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The duration of orthodontic treatment with and without extractions: A pilot study of five selected practices

Authors
Journal
American Journal of Orthodontics and Dentofacial Orthopedics
0889-5406
Publisher
Elsevier
Publication Date
Disciplines
  • Logic
  • Medicine

Abstract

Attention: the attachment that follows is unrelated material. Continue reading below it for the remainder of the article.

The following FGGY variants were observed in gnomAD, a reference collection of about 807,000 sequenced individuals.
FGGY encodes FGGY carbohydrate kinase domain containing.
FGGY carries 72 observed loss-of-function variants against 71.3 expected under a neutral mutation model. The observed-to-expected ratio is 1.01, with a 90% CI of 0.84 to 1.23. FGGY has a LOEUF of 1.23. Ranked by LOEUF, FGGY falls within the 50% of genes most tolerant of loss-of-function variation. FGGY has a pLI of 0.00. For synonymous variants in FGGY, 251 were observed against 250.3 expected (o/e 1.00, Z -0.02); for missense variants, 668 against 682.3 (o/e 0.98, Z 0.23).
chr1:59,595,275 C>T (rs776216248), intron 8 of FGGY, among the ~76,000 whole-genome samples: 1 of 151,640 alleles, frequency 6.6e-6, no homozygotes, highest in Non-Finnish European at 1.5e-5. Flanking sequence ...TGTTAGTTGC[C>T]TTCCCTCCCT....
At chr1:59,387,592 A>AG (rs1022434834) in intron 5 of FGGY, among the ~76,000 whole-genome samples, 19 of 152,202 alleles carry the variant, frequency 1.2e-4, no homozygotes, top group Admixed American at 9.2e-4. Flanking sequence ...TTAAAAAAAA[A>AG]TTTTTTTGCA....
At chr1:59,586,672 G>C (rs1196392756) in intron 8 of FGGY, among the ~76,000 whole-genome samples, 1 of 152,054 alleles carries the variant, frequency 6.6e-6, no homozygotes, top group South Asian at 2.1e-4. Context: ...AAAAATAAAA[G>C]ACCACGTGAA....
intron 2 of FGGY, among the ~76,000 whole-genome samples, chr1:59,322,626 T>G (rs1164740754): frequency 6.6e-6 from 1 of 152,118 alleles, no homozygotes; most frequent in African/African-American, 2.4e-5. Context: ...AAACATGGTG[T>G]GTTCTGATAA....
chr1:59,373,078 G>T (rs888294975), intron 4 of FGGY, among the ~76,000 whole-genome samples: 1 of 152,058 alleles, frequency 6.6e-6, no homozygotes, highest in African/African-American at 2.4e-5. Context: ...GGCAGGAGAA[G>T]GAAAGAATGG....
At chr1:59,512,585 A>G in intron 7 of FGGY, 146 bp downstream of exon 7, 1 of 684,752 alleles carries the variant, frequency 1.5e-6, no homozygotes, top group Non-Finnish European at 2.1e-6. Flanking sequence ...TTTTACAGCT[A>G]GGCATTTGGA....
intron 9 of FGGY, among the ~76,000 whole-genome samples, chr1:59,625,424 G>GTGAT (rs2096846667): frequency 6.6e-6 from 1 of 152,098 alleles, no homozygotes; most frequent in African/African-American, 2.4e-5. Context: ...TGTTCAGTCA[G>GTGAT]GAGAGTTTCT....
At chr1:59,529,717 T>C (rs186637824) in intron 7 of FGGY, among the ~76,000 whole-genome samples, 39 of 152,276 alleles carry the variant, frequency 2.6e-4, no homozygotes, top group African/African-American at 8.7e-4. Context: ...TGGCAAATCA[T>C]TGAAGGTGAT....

Abstract Contemporary orthodontic practice is diverse, both in the variety of clinical problems treated and in the methods used. Practices differ with respect to their patient composition as well as in many variables relative to treatment protocols. Such heterogeneity makes it difficult to make valid generalizations concerning the characteristics of orthodontic treatment procedures or outcomes; yet data and methods are required for assessment of issues of efficacy and utility. The frequency of orthodontic extractions is an objective criterion that distinguishes practices and may also be related to differences in treatment outcome variables, such as duration. Following a telephone survey to estimate extraction rates in the practices of 238 Michigan orthodontists, five practices with very high or low reported rates were chosen for this pilot study. Our primary aim was to determine whether a systematic relationship existed between the relative frequency of extraction treatments and the duration of active appliance therapy. Records of 438 patients from these practices were examined. The extraction rates of the practices ranged from a low of 25% to a high of 84%. Treatment duration was affected by several variables, such as the number of arches treated, the number of treatment phases, and the practice selected. When the data for all five practices were pooled, and all of the extraction versus nonextraction treatments were compared, the mean durations of treatment were 31.2 and 31.3 months, respectively. Data from individual practices, however, indicated that extraction treatment in each of the practices was of longer duration than nonextraction therapy. These differences in duration were 3.0, 6.6, 2.4, 3.0, and 7.3 months in the five practices. The pooling of all extraction and nonextraction cases evidently obscures the effect of other variables that contribute to treatment duration and indicates the need for a larger and more representative sample of practices, as well as the use of multivariate statistical analyses of appropriate “power,” to derive unambiguous inferences with respect to the effect of the extraction decision on treatment duration specificially and efficacy in general. This pilot study thus provides initial estimates of ranges in treatment duration and variability in orthodontic practices with high and low rates of extraction, it also illustrates the use of stepwise regression to clarify the effect that some frequent clinical decisions may have on the length of active orthodontic treatment and reveals the need for further studies. (A M J O RTHOD D ENTOFAC O RTHOP 1990;97:45-51.)

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